Born in the Fall? You're More Likely to Have This Condition, Study Says

This affliction is significantly more common in babies born during the autumn months.

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It seems allergies are more prevalent than ever, with more and more children having allergies to one food or another. Over 5 million children—about two kids in every classroom—suffer from a food allergy, according to National Jewish Health (NJH). Experts have been trying to pinpoint the reason for the surge in allergies. In trying to find the cause, researchers at NJH have discovered that the season during which children are born could play a major role in their development of allergies.

"We looked at every child treated in our clinic, and those born in the fall were much more likely to experience all of the conditions associated with the Atopic March," lead study author Jessica Hui, MD, said in a statement.

The Atopic March is the natural progression of allergic diseases that begin early in life, generally starting with eczema, which then has a domino effect resulting in food allergies, hay fever, and asthma, according to the American Academy of Allergy, Asthma, & Immunology.

Portrait of an adorable baby boy laying on the bed at home
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This is not the first research to point to a similar conclusion. A 2012 study published in the European Journal of Allergy and Clinical Immunology also found that a baby's season of birth is a risk factor for food allergies, although the reason remains unknown.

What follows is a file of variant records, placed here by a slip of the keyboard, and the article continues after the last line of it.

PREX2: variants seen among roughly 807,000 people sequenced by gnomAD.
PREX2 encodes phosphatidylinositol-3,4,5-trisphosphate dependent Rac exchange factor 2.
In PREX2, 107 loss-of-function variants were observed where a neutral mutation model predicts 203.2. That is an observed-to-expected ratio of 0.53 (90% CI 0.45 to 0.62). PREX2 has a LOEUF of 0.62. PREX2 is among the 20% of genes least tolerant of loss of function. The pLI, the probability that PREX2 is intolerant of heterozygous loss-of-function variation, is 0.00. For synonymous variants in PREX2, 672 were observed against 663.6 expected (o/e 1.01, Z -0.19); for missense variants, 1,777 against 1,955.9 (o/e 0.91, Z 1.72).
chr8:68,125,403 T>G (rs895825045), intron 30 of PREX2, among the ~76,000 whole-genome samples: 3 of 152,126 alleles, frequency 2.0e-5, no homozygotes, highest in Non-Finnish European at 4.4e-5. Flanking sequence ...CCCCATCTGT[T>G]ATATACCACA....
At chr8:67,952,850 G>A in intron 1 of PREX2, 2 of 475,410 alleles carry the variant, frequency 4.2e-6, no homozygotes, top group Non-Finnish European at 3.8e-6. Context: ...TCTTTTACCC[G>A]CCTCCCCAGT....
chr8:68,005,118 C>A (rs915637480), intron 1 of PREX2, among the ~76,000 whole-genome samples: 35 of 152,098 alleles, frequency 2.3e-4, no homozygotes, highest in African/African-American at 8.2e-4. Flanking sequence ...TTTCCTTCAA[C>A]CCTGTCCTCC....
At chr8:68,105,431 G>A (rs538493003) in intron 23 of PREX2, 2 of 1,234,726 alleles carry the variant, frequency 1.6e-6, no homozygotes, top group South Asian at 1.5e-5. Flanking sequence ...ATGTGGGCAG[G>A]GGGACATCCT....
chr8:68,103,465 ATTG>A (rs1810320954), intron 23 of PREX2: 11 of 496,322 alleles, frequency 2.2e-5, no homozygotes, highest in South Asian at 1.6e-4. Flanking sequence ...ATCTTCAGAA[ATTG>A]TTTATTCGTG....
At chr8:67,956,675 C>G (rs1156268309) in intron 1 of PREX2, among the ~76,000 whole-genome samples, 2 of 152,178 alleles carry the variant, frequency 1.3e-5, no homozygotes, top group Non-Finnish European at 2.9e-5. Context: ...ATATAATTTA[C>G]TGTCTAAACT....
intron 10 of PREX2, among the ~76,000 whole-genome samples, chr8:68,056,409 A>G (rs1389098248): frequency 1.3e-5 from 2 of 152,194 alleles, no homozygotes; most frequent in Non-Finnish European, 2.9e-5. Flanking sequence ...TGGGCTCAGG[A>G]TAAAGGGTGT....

And another study, published in 2011 in the Annals of Allergy, Asthma, & Immunology, found that babies born in fall and winter had a higher risk of developing food allergies. Researchers discovered that among children with food allergies under the age of 5, 59 percent were born during those two seasons.

The authors of both studies believe there may be a connection between food allergies and a lack of vitamin D at an early age. It's possible, the researchers hypothesize, that the correlation between seasonal births and allergies could be connected to seasonal fluctuations in sunlight.

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For their part, researchers at NJH are planning to conduct more studies to determine why babies born in the fall are at a higher risk for the Atopic March, so they can try to remedy this phenomenon. As Hui noted, "We think if we can intervene at a very young age, even right after the baby is out of the womb, then potentially that's a way for us to try to stop the development of this Atopic March." And to make sure your allergy symptoms aren't something more serious, check out Coronavirus vs. Allergy Symptoms: Experts Highlight the Differences.

Allie Hogan
Allie Hogan is a Brooklyn based writer currently working on her first novel. Read more
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